Thu | Feb 1, 2024 | 4:33 AM PST

The United States continues to grapple with cyber intrusions emanating from sophisticated hacking groups affiliated with the Chinese government. 

In December 2023, the U.S. government conducted an extensive operation to disrupt a Chinese state-sponsored botnet that was being used to conceal attacks against American critical infrastructure organizations, the Justice Department announced this week.

The botnet, known as the KV Botnet, was comprised of hundreds of compromised small office and home office (SOHO) routers located in the United States. It was controlled by a prolific Chinese hacking group tracked as Volt Typhoon. The attackers used the network of infected routers to disguise further intrusion attempts into utilities, communications firms, and other critical sectors.

Armed with court authorization, the FBI gained access to the botnet's command and control infrastructure in early December. Agents proceeded to send commands to infected routers to uninstall malware, sever connections to the botnet, and block further malicious communications. The operation successfully freed a large number of victim devices from Volt Typhoon's grip and dealt a blow to the hackers' operational capabilities.

Authorities said the majority of the hijacked routers were end-of-life Cisco and Netgear models no longer supported by security updates. The vulnerability of these outdated devices allowed the hackers to easily compromise them by the thousands. The Justice Department strongly advised SOHO owners to replace aging routers still deployed in homes and offices across the country.

In testimony before U.S. Congress on January 31, federal officials warned that Chinese state-sponsored groups have stepped up network intrusion efforts against Western critical infrastructure, both for espionage and to enable potential disruptive attacks.

Jen Easterly, Director of the U.S. Cybersecurity and Infrastructure Security Agency (CISA), testified: "We see Chinese cyber actors... burrowing deep into our critical infrastructure to enable destructive attacks in the event of a major crisis or conflict... all to ensure that they can incite societal panic and chaos and to deter our ability to marshal military might and civilian will."

The FBI disclosed that Volt Typhoon has been exploiting devices to map out targets that would cripple the U.S. in case of a regional conflict. While the recent operation stripped the hackers of a valuable tool, the threat posed by Chinese cyber operators persists.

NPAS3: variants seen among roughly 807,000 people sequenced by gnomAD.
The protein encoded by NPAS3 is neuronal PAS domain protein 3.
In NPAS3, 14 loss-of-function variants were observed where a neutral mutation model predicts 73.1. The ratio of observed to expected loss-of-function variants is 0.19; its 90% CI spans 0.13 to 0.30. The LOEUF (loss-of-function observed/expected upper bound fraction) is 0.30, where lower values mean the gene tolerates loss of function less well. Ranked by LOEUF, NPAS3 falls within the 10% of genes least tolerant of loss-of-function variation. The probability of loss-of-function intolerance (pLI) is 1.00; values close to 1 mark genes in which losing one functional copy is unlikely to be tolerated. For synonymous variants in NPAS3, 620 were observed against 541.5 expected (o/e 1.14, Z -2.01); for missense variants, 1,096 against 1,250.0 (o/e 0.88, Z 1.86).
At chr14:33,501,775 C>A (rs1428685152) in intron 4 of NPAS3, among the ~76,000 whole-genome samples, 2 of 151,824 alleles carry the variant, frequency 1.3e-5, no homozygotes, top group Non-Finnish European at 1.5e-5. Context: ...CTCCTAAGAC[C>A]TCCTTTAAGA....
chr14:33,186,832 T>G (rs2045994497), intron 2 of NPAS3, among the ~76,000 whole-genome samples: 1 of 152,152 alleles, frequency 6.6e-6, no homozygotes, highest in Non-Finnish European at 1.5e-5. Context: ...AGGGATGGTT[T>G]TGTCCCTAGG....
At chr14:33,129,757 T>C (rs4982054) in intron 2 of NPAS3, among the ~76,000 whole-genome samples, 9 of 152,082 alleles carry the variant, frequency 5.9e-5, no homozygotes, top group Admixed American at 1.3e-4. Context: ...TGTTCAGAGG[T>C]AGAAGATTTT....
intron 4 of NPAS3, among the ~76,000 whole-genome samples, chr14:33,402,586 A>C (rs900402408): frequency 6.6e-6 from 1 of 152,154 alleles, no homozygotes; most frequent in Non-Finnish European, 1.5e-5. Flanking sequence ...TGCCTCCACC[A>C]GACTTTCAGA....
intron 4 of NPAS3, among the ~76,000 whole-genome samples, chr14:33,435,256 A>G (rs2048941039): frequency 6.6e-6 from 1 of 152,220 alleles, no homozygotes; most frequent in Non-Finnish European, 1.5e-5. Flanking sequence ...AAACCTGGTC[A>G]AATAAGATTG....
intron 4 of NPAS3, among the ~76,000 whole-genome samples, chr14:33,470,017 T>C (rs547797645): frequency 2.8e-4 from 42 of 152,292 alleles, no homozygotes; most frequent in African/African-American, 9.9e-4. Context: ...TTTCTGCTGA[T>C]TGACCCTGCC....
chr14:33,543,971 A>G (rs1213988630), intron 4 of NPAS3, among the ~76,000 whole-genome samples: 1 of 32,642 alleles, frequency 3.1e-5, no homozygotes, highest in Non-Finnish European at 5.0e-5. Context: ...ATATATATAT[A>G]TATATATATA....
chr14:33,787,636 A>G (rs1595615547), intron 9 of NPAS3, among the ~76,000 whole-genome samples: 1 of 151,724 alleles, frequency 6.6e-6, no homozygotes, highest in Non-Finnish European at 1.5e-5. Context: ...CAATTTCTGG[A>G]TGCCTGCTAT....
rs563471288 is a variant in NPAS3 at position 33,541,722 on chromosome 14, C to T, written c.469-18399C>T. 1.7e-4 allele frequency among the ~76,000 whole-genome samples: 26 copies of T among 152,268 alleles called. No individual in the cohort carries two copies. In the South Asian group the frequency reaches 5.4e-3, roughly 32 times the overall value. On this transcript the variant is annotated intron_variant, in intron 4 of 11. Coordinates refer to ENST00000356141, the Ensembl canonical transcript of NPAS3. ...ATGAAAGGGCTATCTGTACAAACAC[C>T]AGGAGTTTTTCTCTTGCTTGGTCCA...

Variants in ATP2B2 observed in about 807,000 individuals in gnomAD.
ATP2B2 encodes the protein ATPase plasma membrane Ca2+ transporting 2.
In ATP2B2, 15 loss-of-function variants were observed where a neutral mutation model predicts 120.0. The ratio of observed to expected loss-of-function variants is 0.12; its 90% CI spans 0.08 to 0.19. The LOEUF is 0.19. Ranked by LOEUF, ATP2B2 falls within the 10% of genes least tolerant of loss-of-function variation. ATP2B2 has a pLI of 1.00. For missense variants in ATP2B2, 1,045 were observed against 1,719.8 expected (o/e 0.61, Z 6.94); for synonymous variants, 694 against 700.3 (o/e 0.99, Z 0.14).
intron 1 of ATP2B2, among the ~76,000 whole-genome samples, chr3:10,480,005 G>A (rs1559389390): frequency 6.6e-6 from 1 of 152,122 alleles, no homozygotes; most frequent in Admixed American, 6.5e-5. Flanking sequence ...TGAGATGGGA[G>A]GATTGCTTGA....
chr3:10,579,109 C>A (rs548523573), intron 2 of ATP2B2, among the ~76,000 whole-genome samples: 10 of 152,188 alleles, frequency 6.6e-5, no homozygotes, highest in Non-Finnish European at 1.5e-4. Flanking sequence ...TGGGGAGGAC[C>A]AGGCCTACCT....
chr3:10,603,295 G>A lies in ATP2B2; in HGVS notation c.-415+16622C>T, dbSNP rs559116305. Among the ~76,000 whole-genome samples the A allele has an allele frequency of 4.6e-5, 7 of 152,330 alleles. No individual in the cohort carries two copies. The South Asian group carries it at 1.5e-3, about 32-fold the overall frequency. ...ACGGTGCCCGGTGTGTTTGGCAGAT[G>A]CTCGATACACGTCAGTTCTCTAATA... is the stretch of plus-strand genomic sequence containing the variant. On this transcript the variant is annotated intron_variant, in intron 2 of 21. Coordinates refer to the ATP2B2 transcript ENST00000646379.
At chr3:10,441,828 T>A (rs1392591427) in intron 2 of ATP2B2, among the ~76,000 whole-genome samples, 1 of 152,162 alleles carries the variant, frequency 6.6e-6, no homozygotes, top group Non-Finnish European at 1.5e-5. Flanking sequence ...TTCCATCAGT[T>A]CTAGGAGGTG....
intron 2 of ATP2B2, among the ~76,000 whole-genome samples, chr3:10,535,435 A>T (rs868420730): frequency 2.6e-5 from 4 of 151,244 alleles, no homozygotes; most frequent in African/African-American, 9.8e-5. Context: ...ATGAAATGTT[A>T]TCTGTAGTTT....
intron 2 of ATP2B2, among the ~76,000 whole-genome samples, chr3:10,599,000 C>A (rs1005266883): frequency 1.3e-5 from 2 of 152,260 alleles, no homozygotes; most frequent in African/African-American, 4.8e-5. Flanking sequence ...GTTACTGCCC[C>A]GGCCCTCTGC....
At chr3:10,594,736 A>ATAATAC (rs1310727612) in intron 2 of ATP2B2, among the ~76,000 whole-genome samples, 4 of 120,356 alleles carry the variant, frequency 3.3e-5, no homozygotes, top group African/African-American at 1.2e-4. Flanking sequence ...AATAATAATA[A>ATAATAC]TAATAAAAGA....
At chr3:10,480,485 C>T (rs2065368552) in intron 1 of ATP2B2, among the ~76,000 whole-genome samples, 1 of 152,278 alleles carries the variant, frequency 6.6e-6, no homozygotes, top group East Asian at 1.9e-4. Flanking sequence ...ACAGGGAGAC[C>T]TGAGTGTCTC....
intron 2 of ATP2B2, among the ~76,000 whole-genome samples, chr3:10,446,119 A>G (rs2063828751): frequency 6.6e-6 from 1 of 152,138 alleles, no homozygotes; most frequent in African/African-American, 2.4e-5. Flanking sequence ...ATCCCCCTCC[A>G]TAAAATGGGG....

"China's hackers are targeting American civilian critical infrastructure, pre-positioning to cause real-world harm to American citizens and communities in the event of conflict," said FBI Director Christopher Wray. "Volt Typhoon malware enabled China to hide as they targeted our communications, energy, transportation, and water sectors. Their pre-positioning constitutes a potential real-world threat to our physical safety that the FBI is not going to tolerate."

According to Colonel Cedric Leighton, U.S. Air Force (Ret.) and CNN military analyst, "One of the things that they [Volt Typhoon] did was they attacked critical infrastructure, telecommunications supply chain efforts, all kinds of things dealing with utilities, and that is one of their key elements."

"It was an effort, basically, to use these networks in a way to leverage them and to use the information that they gain to not only map out the network, but also to determine its vulnerabilities and then potentially use those vulnerabilities in case something happened where China would actually have to engage U.S. forces in a hostile way," Leighton said.

Investigations into Volt Typhoon's extensive infrastructure hacking campaign remain ongoing.

The FBI's highly technical mission demonstrates the U.S. government's increasing ability and willingness to take offensive actions in cyberspace against foreign adversaries. American intelligence leaders have named Chinese cyber operations as one of the most serious threats facing the nation. Thwarting the Volt Typhoon botnet marks one of the most public moves yet to counter Chinese aggression in the digital domain.

[RELATED: Hear more from Col. Leighton in his recent cyber intel briefing with SecureWorld; the webcast is available on-demand here.]

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